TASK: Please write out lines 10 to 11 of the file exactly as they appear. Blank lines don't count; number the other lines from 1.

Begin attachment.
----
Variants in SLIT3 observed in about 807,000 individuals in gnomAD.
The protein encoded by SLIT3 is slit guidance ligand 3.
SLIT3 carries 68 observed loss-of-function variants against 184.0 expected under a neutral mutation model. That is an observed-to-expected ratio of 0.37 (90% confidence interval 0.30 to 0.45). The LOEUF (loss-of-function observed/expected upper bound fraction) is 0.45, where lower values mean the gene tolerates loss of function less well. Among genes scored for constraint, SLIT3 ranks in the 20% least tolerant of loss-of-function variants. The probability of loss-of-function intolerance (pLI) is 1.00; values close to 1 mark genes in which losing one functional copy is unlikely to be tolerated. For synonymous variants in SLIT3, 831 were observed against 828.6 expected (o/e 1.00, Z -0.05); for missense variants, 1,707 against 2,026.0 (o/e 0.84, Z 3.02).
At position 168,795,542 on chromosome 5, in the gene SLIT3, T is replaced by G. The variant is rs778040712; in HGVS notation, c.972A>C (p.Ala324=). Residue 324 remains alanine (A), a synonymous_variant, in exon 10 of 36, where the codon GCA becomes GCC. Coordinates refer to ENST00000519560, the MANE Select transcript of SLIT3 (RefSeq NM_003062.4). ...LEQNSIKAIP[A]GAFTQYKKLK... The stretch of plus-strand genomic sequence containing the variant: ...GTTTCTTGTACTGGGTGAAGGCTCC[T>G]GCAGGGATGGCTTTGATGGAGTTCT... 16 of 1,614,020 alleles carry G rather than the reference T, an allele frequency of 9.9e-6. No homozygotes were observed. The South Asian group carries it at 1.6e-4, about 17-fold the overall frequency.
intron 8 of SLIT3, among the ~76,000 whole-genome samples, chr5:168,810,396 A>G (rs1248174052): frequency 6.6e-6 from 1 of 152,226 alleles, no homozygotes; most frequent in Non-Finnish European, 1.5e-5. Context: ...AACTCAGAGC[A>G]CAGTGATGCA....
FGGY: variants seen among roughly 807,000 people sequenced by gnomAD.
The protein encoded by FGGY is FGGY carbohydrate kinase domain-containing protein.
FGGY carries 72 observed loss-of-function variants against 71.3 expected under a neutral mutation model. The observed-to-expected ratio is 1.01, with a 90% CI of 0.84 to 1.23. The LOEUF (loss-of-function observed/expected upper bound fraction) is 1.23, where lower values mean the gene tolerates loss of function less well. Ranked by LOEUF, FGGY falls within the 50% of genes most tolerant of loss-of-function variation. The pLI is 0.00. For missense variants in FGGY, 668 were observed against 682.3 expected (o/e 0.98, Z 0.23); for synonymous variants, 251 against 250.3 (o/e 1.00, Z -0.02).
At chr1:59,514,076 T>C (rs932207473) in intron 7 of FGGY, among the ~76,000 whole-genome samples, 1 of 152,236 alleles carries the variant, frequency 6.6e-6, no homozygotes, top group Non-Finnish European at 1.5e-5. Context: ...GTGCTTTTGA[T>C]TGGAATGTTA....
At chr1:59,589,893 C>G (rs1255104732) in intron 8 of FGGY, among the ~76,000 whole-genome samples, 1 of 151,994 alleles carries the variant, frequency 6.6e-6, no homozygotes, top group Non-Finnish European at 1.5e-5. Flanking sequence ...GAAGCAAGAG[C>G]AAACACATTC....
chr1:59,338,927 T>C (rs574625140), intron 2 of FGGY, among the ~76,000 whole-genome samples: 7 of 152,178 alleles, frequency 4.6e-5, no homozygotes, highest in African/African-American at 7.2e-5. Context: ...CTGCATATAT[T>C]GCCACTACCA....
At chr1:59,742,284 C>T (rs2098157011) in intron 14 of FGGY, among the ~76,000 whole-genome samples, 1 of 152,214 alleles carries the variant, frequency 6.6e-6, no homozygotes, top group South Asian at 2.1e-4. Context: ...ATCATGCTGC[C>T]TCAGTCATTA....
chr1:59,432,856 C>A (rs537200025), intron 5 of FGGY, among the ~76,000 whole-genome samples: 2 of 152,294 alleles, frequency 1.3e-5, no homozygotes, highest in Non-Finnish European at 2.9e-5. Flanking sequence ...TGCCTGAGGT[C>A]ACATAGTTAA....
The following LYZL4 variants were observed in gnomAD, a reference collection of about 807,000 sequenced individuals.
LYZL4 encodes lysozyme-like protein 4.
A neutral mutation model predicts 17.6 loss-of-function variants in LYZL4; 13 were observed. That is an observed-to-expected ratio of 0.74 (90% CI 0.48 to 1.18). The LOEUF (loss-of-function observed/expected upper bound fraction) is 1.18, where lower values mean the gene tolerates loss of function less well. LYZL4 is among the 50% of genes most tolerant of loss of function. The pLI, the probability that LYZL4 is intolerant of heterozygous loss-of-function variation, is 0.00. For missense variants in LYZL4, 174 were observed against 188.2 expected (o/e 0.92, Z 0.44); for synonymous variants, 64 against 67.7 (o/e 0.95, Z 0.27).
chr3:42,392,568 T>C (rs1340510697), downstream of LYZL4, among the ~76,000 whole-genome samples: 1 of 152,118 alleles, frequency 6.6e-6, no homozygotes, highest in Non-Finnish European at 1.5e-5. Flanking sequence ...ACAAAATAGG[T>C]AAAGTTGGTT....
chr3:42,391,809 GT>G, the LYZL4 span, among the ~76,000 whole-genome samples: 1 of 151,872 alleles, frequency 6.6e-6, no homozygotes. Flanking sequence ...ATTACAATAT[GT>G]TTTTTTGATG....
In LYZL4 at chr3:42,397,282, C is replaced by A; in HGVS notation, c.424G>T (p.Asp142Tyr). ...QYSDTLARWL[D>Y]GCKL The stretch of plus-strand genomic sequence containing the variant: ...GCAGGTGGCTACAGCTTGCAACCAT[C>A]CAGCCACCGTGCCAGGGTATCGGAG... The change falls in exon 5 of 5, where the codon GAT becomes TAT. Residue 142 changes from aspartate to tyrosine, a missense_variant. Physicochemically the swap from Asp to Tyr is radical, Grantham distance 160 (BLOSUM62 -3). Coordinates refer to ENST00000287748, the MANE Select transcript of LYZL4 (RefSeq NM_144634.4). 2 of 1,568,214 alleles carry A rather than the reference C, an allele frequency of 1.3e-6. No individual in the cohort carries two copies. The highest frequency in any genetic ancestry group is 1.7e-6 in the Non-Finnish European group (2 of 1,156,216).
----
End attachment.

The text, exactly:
At chr1:59,589,893 C>G (rs1255104732) in intron 8 of FGGY, among the ~76,000 whole-genome samples, 1 of 151,994 alleles carries the variant, frequency 6.6e-6, no homozygotes, top group Non-Finnish European at 1.5e-5. Flanking sequence ...GAAGCAAGAG[C>G]AAACACATTC....
chr1:59,338,927 T>C (rs574625140), intron 2 of FGGY, among the ~76,000 whole-genome samples: 7 of 152,178 alleles, frequency 4.6e-5, no homozygotes, highest in African/African-American at 7.2e-5. Context: ...CTGCATATAT[T>C]GCCACTACCA....